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I.R.C. § 26 provides credits for corporations as follows: In the case of a corporation the following credits shall be allowed to the extent provided in the various sections imposing tax -- (i) In the case of a western hemisphere trade corporation (as defined in § 109) -- (2) In the case of a taxable year beginning after March 31, 1951, and before April 1, 1954, an amount equal to 27 per centum of its normal-tax net income computed without regard to the credit provided in this subsection.
Plaintiff export company sought a refund of federal income taxes for the years 1952 and 1953 based on its claim that it operated as a Western Hemisphere trade corporation as defined in I.R.C. § 109, and qualified for the special tax credit allowed such corporations under I.R.C. § 26.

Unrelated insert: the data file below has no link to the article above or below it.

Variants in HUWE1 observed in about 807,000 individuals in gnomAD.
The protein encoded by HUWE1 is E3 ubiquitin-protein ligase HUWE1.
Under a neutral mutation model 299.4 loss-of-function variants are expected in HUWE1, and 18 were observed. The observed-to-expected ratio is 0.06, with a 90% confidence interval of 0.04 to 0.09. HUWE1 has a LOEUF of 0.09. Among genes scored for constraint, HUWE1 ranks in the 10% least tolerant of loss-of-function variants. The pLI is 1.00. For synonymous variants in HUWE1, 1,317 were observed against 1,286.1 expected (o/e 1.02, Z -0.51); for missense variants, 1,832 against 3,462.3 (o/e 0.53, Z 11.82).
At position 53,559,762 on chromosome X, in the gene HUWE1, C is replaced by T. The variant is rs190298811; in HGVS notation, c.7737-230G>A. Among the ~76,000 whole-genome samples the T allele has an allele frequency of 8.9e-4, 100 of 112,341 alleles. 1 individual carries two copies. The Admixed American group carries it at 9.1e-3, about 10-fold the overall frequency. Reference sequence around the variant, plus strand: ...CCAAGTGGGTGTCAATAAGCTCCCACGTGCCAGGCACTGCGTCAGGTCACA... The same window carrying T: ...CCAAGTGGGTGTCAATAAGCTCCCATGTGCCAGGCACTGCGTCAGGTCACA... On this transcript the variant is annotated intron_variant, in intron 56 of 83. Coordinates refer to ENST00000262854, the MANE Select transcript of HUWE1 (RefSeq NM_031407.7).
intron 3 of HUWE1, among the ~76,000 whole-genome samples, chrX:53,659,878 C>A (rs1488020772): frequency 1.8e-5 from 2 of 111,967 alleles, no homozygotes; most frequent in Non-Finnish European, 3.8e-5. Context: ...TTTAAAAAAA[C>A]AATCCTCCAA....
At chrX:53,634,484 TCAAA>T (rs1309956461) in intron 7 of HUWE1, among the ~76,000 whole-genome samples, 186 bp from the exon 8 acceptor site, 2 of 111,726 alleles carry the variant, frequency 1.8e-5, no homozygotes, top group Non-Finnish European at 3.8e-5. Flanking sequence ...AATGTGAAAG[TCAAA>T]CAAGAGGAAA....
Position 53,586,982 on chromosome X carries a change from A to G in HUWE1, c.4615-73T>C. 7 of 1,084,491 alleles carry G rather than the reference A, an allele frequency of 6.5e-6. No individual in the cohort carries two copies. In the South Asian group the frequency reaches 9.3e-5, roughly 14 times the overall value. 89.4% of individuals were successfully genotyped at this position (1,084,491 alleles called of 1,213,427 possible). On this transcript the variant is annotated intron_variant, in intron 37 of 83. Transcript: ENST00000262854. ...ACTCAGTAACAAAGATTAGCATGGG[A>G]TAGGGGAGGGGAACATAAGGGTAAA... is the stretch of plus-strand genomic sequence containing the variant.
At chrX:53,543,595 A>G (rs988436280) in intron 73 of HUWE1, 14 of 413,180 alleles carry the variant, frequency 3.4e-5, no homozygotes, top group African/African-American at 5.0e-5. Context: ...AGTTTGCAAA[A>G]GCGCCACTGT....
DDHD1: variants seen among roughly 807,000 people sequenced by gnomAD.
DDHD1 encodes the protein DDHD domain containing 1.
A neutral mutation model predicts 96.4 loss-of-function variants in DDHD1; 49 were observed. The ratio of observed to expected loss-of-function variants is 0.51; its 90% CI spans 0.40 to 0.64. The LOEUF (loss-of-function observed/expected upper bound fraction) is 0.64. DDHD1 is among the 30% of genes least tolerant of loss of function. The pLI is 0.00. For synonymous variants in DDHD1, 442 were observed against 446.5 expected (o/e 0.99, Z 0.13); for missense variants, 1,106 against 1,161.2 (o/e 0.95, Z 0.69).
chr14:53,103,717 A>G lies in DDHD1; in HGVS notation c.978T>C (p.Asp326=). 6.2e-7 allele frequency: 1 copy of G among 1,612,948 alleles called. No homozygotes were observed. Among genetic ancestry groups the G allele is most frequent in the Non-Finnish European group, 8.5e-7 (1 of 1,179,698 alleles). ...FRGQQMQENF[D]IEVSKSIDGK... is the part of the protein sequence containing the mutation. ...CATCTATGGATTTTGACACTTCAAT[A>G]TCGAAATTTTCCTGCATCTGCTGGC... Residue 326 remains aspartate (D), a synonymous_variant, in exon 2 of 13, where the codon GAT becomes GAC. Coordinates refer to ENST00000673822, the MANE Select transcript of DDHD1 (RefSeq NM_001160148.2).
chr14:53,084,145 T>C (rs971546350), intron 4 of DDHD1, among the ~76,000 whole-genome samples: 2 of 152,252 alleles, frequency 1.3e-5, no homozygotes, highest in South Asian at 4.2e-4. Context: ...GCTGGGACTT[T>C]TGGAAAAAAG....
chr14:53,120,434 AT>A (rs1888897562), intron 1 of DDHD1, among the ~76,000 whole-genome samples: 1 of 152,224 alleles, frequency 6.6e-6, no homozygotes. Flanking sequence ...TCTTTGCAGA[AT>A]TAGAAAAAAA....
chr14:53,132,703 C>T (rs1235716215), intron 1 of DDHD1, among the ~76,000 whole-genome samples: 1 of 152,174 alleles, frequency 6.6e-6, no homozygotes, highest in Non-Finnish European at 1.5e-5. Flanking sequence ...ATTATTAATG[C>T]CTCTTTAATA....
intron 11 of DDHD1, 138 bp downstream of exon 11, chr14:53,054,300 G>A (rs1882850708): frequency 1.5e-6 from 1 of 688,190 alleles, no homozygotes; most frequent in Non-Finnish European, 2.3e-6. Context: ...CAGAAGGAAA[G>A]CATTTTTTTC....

Was the plaintiff entitled to recover its back taxes for the years 1952 and 1953?
The court entered judgment in favor of the export company. The court found that the proper test that applied to a series of commercial transactions was the title-passage test as determinative of place of sale and source of income. The court also believed that the federal government erred in failing to distinguish two separate legal consequences flowing from the same act of expression by the parties, the consequences being the passage of title and the avoidance of a tax. The court found that title to the goods did pass outside the United States, and thus, the export company was entitled to be exempt from the tax. Accordingly, the export company was entitled to recover its back taxes for the years 1952 and 1953, together with interest as provided by law.